Posts Tagged ‘motives’

A Higher End in Life

Monday, February 27th, 2017

“A man’s life does not consist in the abundance of the things that he possesses.” Luke 12:15

“Implanted within us is a desire for amusement — the entire suppression of which is as injurious, as it is unauthorized. The Christian religion is antagonistic only to that which is hurtful to spiritual life. It is not opposed to wholesome amusements. It does not rob us of any pleasures which are consistent with our eternal welfare.”

“Healthy recreation should be encouraged, with one proviso — that it never be forgotten that there is a higher end in life than to be amused. Care should be taken, not to suppress the desire for amusement — but to moderate and rightly direct it. The limitation which devotion to Christ imposes, must ever be observed, lest pleasure be made the business of life, instead of life’s relaxation.”

“The selection of fitting sources of amusement should not be difficult. There are many such, without tampering with questionable ones, which may prove detrimental and even destructive to spiritual life. The question requiring settlement is: “Am I, by the amusement in which I indulge, being spiritually helped or hindered? Is my soul being lifted up — or more heavily weighted down?”

“The Christian should find pleasure not only in the world’s confectionery — but chiefly in the strong meat of the Word.”

“All things are yours. Take them and use them; but never let them interfere with the higher life which you are called on to lead.”

“A ship is all right in the sea — so long as the sea is not in the ship. In the same way, a Christian is all right in the world — so long as the world is not in the Christian.”

J.C. Pittman, 1917

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Godly Exercise

Monday, January 16th, 2017

“He delighteth not in the strength of the horse:
he taketh not pleasure in the legs of a man.
The Lord taketh pleasure in them that fear him,
in those that hope in his mercy.
Praise the Lord, O Jerusalem;
praise thy God, O Zion.” Psalm 147: 10-12 KJV

When Jesus says that He takes pleasure in those that fear Him, He is not saying that He wants us to be afraid of Him. Webster’s Dictionary gives us an excellent definition of what fear means in this Scripture verse. One of the definitions for the word fear that applies to this verse in the dictionary is “to have a reverential awe of.” We shouldn’t be afraid of Him. We should treat Him with the respect, honor and dignity that He deserves.

We read in 1 Timothy 4: 8 “For bodily exercise profiteth little: but godliness is profitable unto all things, having promise of the life that now is, and of that which is to come.” There are people who spend hours doing exercises at home and even go to the gym and to health clubs to get exercise. Yet, these same people might spend twenty or thirty minutes a day reading their Bibles. How this must hurt the heart of our loving Heavenly Father.

It is true that we are to take care of our bodies, but if we put physical exercise before godly exercise, then our exercises have become a god to us. Parents think nothing about spending a lot of money to train their children for the Olympics or on uniforms and equipment for different sports activities; however some of these same parents won’t give money to their children so that their children can serve Jesus as a missionary or evangelist.

It is time that we get our priorities in order. How much money are you spending on sports activities for your children and how much money are you spending on things that will help your children for all eternity? Are you teaching your children that godly exercise is more important than physical exercise? You may tell them that godly exercise is more important but if they see you spending a lot of time doing exercises at home and then going to the gym and health clubs to exercise, they are not going to believe you. Let’s set a godly example for our children.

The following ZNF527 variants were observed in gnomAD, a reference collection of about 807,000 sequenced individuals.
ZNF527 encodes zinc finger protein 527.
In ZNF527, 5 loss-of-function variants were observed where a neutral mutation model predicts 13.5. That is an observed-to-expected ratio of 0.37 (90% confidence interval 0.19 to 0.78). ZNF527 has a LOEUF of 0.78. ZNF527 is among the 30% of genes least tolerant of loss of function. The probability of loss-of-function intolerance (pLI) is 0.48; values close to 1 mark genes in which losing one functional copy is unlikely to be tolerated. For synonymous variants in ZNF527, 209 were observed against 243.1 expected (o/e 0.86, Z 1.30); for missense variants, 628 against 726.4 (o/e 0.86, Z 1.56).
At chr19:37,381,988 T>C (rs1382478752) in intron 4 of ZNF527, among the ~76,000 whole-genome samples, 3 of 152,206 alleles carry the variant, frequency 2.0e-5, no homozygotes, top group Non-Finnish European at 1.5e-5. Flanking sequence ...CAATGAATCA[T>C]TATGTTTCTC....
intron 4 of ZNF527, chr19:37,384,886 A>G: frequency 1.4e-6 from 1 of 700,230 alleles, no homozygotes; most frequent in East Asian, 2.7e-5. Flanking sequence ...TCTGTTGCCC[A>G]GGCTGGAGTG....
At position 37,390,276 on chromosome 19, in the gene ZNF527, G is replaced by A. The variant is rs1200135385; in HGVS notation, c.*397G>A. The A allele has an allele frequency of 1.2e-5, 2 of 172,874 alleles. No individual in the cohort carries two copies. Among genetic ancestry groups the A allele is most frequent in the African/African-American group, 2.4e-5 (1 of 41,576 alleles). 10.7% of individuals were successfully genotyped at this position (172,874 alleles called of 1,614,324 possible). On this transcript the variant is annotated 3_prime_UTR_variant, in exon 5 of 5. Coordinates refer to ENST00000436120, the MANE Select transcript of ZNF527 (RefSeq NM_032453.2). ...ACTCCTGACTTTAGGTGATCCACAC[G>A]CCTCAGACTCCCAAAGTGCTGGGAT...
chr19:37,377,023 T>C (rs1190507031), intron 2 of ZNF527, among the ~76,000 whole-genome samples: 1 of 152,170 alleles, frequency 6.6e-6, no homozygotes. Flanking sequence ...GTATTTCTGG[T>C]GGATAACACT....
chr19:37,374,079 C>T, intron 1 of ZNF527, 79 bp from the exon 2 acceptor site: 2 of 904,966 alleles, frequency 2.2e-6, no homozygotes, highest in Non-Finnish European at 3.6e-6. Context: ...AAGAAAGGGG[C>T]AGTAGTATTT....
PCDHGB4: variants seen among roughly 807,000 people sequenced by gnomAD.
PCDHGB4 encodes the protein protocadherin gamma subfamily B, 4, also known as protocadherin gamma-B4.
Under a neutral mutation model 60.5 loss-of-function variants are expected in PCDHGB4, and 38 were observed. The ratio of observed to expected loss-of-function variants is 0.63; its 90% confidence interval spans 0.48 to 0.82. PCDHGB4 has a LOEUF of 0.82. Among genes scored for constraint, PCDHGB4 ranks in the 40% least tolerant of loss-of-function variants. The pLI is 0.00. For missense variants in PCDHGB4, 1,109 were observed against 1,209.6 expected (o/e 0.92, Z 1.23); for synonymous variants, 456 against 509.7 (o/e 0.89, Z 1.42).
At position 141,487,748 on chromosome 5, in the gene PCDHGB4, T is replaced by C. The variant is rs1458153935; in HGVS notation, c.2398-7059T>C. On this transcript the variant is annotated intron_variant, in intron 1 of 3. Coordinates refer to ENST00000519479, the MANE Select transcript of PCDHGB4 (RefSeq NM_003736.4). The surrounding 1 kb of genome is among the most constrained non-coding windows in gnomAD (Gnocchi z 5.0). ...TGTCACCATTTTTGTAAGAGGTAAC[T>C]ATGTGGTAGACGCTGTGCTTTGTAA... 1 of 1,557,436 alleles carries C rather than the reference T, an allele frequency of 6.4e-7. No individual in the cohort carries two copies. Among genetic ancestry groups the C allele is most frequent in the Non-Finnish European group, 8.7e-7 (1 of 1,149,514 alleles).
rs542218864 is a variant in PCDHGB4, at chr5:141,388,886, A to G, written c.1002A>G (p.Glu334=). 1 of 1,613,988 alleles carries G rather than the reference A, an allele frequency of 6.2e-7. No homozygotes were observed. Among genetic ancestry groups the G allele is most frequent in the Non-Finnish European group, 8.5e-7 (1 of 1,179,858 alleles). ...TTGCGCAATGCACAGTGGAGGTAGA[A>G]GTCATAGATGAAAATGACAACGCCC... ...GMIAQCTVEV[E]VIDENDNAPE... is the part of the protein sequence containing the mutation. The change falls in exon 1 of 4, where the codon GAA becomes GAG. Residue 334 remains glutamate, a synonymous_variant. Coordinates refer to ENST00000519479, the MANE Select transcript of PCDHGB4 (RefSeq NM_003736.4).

Copyright by Joanne Lowe, all rights reserved.

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Is it a “Need” or “Desire?”

Friday, July 22nd, 2016

“My God shall supply all your needs according to His riches in glory by Christ Jesus!” Philippians 4:19

We have here the promise that every possible need will be provided for. The Lord of earth and Heaven has such boundless treasures at His command, that it is impossible that we can expect too much. Not all we wish, not all that we may think pleasant or desirable–but all that the only-wise God discerns to be truly needful and profitable for us–that will He give.

The supply assured to the believer, comprises that which is needful for all that concerns our present life–and all that is essential for the support and growth of spiritual life in the soul.

As to this present life, God supplies our needs. And yet by withholding much that is for our comfort, He humbles and proves His children. He often keeps them on very slender fare!

What then have the people of God a right to expect?

Sometimes He may bestow a rich abundance of temporal blessings. He did so in the case of Job, and Abraham, and Joseph, and Solomon, and many others.

Still more frequently He will give His children amply enough for their daily need. He blesses their basket and their store. He gives a sufficiency, so that they can live a quiet and peaceable life, in all godliness and honesty.

Yet sometimes it is otherwise. He is training His children, and He puts them in the school of affliction. He sends them thorns and briars, and sharp trials. And this often in the shape of need, or insufficient means for meeting the requirements of themselves or their families.

Ah, do not repine if this is so! There is a purpose beneath it. There is divine love, though there is the lack of food or money.

“Behind a frowning Providence
He hides a smiling face!”

A soldier in a foreign campaign does not murmur because he has to rough it, and perhaps for many a week has coarse and insufficient fare. Nor should you be surprised if this is your case. Now is the conflict; by-and-by the crown will be won, and you will be at rest in your Father’s house!

“My God shall supply all your needs.” This goes far beyond temporal blessings. It opens wide to us the treasury of divine grace–it tells me to go in and take all that my soul desires.